University of Virginia politics professor Gerard Alexander has written a rather peculiar op-ed. In his outspoken judgment, liberals are too outspoken and judgmental. With this exquisite logic, Prof. Alexander proceeds to hector liberals for hectoring conservatives and the millions of dimwits who voted for Trump. "Liberals, You’re Not as Smart as You Think You Are" is a tour de force in pots, kettles and blackness.
Here's an example of Alexander's deep reasoning. "When Kanye West publicly rethought his ideological commitments, prominent liberals criticized him for speaking on the topic at all." Parenthetically, I can't understand why anyone gives a damn about what Kanye West thinks. But to care enough to write that he "rethought his ideological commitments" is just laughable. Last night I happened to be reading Ta-Nehisi Coates' article on West, and ran across this: "In his visit with West, the rapper T.I. was stunned to find that West, despite his endorsement of Trump, had never heard of the travel ban." Liberal judgment affirmed.
Here's another. "Liberals feel more powerful than they are…. Liberals often don’t realize how provocative or inflammatory they can be. In exercising their power, they regularly not only persuade and attract but also annoy and repel." Has Alexander ever encountered a liberal? Far too many are sad sacks who fervently believe the cards are stacked against them in every way: the press is monolithically hostile to them, conservatives are unbeatable supermen, and George W. Bush personally recalibrated Diebold voting machines in Ohio. This is much more annoying and repellent than whatever Alexander has in mind.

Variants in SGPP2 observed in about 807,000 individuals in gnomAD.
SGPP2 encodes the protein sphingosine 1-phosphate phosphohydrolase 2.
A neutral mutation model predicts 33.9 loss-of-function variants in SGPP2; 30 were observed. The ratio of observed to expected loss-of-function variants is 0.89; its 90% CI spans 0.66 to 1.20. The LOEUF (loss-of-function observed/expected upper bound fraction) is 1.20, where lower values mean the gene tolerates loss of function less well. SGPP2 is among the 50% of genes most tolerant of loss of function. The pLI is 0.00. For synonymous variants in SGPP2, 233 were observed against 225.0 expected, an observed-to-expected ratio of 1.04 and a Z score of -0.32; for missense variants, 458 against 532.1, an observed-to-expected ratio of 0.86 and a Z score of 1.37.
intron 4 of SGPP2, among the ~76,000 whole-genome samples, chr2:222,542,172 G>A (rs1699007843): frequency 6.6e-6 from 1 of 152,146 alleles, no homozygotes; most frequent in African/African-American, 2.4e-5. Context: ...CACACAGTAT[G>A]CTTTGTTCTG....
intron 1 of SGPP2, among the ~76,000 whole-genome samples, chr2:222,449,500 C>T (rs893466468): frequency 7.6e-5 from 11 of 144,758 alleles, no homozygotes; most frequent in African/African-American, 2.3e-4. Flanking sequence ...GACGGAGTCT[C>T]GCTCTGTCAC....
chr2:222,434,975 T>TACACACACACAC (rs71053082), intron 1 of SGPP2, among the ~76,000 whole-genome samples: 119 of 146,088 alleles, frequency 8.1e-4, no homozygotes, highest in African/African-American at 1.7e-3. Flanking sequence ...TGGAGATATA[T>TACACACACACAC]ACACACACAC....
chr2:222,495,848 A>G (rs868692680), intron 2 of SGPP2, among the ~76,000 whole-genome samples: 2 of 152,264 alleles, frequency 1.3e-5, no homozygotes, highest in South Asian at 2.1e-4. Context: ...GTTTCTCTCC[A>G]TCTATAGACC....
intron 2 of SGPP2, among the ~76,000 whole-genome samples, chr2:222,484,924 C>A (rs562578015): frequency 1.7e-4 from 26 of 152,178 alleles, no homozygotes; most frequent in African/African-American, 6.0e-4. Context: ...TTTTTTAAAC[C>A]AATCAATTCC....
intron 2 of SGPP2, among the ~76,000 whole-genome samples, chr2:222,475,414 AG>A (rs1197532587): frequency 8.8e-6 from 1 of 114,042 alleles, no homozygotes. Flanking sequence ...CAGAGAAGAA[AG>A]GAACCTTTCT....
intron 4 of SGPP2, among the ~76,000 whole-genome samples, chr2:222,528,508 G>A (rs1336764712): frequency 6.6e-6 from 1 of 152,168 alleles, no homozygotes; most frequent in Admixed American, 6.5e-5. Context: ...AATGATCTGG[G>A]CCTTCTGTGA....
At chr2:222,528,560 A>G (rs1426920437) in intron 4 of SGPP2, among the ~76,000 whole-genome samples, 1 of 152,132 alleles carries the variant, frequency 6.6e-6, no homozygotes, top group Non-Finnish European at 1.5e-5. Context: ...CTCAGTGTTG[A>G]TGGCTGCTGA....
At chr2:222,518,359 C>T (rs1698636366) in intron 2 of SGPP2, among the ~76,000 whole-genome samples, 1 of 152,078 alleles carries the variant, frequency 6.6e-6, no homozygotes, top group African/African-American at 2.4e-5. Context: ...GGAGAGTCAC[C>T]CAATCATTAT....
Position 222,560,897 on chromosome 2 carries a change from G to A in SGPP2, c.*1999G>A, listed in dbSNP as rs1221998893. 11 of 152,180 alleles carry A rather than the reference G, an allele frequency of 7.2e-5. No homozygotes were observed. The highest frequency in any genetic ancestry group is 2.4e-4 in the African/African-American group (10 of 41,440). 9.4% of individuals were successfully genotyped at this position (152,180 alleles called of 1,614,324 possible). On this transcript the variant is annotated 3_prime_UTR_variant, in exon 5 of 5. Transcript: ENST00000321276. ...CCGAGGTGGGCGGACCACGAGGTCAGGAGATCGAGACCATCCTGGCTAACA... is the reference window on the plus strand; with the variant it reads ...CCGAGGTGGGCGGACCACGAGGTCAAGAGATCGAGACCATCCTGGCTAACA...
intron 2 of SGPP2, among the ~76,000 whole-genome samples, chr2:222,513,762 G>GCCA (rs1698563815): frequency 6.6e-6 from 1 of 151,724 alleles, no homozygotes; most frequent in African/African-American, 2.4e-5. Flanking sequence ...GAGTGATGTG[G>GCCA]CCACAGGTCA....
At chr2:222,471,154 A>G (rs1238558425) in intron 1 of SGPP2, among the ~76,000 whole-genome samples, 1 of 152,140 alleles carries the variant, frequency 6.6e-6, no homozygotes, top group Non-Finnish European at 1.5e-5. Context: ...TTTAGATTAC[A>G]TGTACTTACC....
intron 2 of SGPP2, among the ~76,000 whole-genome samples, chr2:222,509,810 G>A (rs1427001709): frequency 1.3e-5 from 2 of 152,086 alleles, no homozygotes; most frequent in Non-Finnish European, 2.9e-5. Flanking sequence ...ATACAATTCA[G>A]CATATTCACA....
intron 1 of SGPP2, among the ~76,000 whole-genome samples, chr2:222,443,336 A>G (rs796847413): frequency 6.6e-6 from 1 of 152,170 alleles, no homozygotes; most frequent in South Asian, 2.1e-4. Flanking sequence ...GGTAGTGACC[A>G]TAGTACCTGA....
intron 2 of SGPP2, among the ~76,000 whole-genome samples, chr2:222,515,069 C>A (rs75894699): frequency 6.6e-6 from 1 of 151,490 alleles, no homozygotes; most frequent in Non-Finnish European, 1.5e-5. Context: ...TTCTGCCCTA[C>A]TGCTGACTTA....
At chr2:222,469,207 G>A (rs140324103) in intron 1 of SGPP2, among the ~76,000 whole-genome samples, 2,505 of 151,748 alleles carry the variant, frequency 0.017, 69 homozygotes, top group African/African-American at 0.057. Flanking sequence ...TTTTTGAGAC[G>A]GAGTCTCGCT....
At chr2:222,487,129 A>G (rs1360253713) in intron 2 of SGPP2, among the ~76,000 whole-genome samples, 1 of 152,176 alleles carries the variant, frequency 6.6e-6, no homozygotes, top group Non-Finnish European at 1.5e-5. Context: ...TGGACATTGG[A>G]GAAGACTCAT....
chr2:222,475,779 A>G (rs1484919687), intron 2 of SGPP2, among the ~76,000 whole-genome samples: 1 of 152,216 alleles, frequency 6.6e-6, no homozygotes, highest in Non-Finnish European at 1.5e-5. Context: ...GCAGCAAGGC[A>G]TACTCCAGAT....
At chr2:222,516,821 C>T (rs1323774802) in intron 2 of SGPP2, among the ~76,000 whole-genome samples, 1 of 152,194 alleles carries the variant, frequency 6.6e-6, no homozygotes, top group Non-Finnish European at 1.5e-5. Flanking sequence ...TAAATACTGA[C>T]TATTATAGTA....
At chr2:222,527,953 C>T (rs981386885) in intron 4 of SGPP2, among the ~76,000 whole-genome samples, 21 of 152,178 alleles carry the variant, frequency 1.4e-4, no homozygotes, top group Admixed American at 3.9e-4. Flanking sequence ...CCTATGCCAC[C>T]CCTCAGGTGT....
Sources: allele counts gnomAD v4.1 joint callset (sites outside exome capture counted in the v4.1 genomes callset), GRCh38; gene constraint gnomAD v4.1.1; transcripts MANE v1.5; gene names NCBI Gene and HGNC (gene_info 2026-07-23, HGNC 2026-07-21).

And another. "Liberals … have rightly become more sensitive to racism and sexism in American society…. But accusers can paint with very wide brushes…. Some people have cavalierly leveled the charge against huge numbers of Americans — specifically, the more than 60 million people who voted for Mr. Trump." Well, let's see. Trump spent 17 months on the campaign trail consistently denigrating minorities and women. More than 60 million people then turned out to vote for the vile little worm who had made racism and misogyny core elements of his campaign — and so a connection is made. Oh, the intellectual presumptuousness of these liberals.
(Speaking of painting with wide brushes … "Within just a few years, many liberals went from starting to talk about microaggressions to suggesting that it is racist even to question whether microaggressions are that important." Many liberals did this, which in reality translates to a couple hundred airheads on college campuses of thousands, in some cases tens of thousands.)
And another. "When Mr. Obama remarked, behind closed doors, during the presidential campaign in 2008, that Rust Belt voters 'get bitter, they cling to guns or religion or antipathy to people who aren’t like them,' it mattered not so much because he said it but because so many listeners figured that he was only saying what liberals were really thinking." Damn right. And so was Obama. Why are liberals condemned for speaking their right minds when clowns like Trump are applauded for prattling on dementedly?
And another. "Even if liberals think their opponents are backward, they don’t have to gratuitously drive people away." If liberals' comments about their backward opponents were gratuitous, I'd be forced to agree. But.
And this final example. "Without sacrificing their principles, liberals can come across as more respectful of others. Self-righteousness is rarely attractive" — writes Alexander, self-righteously.
Those are just the highlights. The good professor provides many other examples of liberals' outspoken judgmentalism that shouldn't be. Astonishingly, it never seems to occur to Alexander that he's bashing his own piece. Not only that, he acknowledges that much of liberalism is intellectually upright if not virtuous but encourages liberals to suppress it, so that the tender feelings of Trumpeteers are spared. What is it that conservatives are forever telling liberals? "Deal with it." Sounds about right to me.